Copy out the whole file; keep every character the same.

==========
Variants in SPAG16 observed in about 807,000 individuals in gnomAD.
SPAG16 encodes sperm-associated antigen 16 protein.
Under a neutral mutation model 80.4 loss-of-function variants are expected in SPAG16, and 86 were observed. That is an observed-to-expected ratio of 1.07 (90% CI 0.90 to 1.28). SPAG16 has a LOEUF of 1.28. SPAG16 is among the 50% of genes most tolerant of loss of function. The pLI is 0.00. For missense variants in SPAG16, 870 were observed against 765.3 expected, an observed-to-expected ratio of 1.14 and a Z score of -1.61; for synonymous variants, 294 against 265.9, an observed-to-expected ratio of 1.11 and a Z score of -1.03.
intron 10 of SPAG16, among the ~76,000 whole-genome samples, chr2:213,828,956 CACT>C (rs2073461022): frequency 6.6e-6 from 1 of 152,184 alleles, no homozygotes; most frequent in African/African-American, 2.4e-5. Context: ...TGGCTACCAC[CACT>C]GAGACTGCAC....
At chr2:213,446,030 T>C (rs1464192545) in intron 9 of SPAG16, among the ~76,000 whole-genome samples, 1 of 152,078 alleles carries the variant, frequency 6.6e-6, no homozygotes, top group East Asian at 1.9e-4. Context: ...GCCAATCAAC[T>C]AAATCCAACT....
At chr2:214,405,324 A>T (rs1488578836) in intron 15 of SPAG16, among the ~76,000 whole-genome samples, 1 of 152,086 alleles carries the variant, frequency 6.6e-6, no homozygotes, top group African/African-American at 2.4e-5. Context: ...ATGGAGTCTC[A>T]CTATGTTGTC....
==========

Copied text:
Variants in SPAG16 observed in about 807,000 individuals in gnomAD.
SPAG16 encodes sperm-associated antigen 16 protein.
Under a neutral mutation model 80.4 loss-of-function variants are expected in SPAG16, and 86 were observed. That is an observed-to-expected ratio of 1.07 (90% CI 0.90 to 1.28). SPAG16 has a LOEUF of 1.28. SPAG16 is among the 50% of genes most tolerant of loss of function. The pLI is 0.00. For missense variants in SPAG16, 870 were observed against 765.3 expected, an observed-to-expected ratio of 1.14 and a Z score of -1.61; for synonymous variants, 294 against 265.9, an observed-to-expected ratio of 1.11 and a Z score of -1.03.
intron 10 of SPAG16, among the ~76,000 whole-genome samples, chr2:213,828,956 CACT>C (rs2073461022): frequency 6.6e-6 from 1 of 152,184 alleles, no homozygotes; most frequent in African/African-American, 2.4e-5. Context: ...TGGCTACCAC[CACT>C]GAGACTGCAC....
At chr2:213,446,030 T>C (rs1464192545) in intron 9 of SPAG16, among the ~76,000 whole-genome samples, 1 of 152,078 alleles carries the variant, frequency 6.6e-6, no homozygotes, top group East Asian at 1.9e-4. Context: ...GCCAATCAAC[T>C]AAATCCAACT....
At chr2:214,405,324 A>T (rs1488578836) in intron 15 of SPAG16, among the ~76,000 whole-genome samples, 1 of 152,086 alleles carries the variant, frequency 6.6e-6, no homozygotes, top group African/African-American at 2.4e-5. Context: ...ATGGAGTCTC[A>T]CTATGTTGTC....